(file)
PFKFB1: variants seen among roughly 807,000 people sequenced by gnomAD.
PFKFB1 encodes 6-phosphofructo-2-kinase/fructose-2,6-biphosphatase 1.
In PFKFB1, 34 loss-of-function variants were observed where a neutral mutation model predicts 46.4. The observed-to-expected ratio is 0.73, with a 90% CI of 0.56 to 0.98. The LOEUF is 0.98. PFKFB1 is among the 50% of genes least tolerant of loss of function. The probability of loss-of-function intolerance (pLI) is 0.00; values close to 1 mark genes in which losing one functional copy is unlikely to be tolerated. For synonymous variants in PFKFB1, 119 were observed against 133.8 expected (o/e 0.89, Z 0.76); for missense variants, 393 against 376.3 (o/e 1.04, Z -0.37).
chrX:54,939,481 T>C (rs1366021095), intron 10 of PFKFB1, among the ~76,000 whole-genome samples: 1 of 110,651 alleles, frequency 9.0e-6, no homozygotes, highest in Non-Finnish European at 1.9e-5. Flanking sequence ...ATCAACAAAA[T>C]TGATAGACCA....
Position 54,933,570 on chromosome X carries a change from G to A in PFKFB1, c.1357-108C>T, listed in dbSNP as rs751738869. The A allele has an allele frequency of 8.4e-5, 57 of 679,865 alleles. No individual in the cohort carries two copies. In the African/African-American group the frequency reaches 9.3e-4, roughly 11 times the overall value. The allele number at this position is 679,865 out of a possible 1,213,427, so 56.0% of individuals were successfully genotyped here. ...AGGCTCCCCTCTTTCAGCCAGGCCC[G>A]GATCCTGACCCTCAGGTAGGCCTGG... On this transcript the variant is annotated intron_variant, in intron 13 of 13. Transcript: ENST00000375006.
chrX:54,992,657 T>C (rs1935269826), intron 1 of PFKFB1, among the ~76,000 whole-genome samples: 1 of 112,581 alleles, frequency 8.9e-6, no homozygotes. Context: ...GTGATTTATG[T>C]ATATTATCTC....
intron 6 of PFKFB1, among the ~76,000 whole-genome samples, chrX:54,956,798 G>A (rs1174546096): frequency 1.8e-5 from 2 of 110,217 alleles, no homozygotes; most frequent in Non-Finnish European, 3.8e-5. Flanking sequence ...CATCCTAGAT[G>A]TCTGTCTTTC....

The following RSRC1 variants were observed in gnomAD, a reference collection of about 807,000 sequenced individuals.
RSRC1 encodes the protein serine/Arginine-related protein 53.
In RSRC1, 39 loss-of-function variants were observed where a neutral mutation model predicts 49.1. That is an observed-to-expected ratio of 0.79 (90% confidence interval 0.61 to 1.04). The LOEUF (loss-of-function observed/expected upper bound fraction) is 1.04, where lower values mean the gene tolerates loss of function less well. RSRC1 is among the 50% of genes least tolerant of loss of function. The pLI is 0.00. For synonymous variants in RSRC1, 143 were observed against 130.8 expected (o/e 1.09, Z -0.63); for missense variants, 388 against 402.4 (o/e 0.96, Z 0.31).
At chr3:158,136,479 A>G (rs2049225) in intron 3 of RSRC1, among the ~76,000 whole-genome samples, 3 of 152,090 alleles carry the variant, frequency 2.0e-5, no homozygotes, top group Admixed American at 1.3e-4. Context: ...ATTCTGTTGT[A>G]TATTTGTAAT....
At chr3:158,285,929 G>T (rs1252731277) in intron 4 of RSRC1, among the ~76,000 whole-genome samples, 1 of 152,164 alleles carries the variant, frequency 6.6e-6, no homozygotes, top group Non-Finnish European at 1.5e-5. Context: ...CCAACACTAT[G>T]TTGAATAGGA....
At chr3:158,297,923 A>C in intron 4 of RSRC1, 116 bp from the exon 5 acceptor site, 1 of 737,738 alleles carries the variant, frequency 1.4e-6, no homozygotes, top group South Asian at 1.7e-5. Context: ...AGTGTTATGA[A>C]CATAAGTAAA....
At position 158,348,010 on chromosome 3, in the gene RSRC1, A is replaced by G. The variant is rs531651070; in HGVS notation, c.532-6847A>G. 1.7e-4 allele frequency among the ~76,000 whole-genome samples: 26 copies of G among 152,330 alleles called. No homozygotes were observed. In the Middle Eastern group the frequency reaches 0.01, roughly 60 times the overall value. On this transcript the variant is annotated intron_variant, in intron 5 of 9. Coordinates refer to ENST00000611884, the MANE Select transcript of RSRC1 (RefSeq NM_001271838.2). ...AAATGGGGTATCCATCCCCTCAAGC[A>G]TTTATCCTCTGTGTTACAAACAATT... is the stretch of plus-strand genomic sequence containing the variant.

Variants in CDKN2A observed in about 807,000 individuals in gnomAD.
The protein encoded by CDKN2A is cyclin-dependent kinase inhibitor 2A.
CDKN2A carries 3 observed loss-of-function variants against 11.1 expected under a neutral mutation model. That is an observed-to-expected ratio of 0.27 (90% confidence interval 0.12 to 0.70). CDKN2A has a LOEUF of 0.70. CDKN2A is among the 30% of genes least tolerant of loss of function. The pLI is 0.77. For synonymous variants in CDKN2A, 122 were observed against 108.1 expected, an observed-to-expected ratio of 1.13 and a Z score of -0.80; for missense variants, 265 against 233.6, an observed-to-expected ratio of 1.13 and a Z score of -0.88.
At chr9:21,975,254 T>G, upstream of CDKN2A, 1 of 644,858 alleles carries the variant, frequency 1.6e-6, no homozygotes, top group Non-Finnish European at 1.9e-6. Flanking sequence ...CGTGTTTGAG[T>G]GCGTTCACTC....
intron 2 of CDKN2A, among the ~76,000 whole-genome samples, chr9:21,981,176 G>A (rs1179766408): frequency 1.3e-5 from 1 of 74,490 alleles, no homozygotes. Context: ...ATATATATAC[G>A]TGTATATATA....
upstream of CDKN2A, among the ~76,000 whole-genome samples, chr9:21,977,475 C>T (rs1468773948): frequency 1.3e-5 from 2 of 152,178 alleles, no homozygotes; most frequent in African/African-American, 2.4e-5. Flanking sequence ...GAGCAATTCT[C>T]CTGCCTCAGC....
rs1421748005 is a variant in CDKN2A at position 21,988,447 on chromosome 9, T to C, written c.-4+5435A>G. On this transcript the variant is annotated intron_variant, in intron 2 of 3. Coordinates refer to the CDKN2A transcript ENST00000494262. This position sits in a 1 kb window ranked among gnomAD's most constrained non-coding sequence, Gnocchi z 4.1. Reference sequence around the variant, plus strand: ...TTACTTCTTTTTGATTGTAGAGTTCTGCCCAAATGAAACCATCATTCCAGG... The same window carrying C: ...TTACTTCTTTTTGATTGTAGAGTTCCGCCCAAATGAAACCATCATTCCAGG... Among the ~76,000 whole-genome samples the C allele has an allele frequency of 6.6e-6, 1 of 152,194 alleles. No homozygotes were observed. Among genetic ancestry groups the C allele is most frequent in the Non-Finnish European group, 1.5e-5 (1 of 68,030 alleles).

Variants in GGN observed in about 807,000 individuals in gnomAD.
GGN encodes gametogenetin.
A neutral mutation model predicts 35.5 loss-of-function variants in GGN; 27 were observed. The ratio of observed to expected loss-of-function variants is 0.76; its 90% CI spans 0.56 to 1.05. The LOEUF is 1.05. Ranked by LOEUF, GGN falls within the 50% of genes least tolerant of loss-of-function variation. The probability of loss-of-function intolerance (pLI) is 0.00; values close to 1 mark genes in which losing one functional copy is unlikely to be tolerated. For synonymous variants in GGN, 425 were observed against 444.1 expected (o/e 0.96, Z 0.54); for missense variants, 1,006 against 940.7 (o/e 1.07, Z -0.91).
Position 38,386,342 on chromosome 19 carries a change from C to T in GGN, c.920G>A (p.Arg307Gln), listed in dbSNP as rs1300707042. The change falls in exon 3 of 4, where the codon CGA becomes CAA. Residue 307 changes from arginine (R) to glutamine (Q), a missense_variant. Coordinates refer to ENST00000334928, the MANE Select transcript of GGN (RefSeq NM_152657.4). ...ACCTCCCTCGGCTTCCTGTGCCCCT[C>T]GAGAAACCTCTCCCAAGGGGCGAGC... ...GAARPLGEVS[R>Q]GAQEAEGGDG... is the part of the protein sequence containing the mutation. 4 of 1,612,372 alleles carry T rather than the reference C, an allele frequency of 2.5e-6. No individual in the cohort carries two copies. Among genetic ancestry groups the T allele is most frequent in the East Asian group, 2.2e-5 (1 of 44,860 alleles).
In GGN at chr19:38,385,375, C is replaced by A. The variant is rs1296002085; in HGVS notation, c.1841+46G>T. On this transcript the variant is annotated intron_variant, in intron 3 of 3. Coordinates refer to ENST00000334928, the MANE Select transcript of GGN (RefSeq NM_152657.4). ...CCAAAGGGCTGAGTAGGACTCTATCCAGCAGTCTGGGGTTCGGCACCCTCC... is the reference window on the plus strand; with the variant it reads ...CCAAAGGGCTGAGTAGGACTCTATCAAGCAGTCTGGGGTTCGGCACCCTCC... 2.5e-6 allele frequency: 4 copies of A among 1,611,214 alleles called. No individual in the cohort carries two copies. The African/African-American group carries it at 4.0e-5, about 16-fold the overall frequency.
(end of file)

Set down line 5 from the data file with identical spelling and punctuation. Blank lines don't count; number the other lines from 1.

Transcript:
Position 54,933,570 on chromosome X carries a change from G to A in PFKFB1, c.1357-108C>T, listed in dbSNP as rs751738869. The A allele has an allele frequency of 8.4e-5, 57 of 679,865 alleles. No individual in the cohort carries two copies. In the African/African-American group the frequency reaches 9.3e-4, roughly 11 times the overall value. The allele number at this position is 679,865 out of a possible 1,213,427, so 56.0% of individuals were successfully genotyped here. ...AGGCTCCCCTCTTTCAGCCAGGCCC[G>A]GATCCTGACCCTCAGGTAGGCCTGG... On this transcript the variant is annotated intron_variant, in intron 13 of 13. Transcript: ENST00000375006.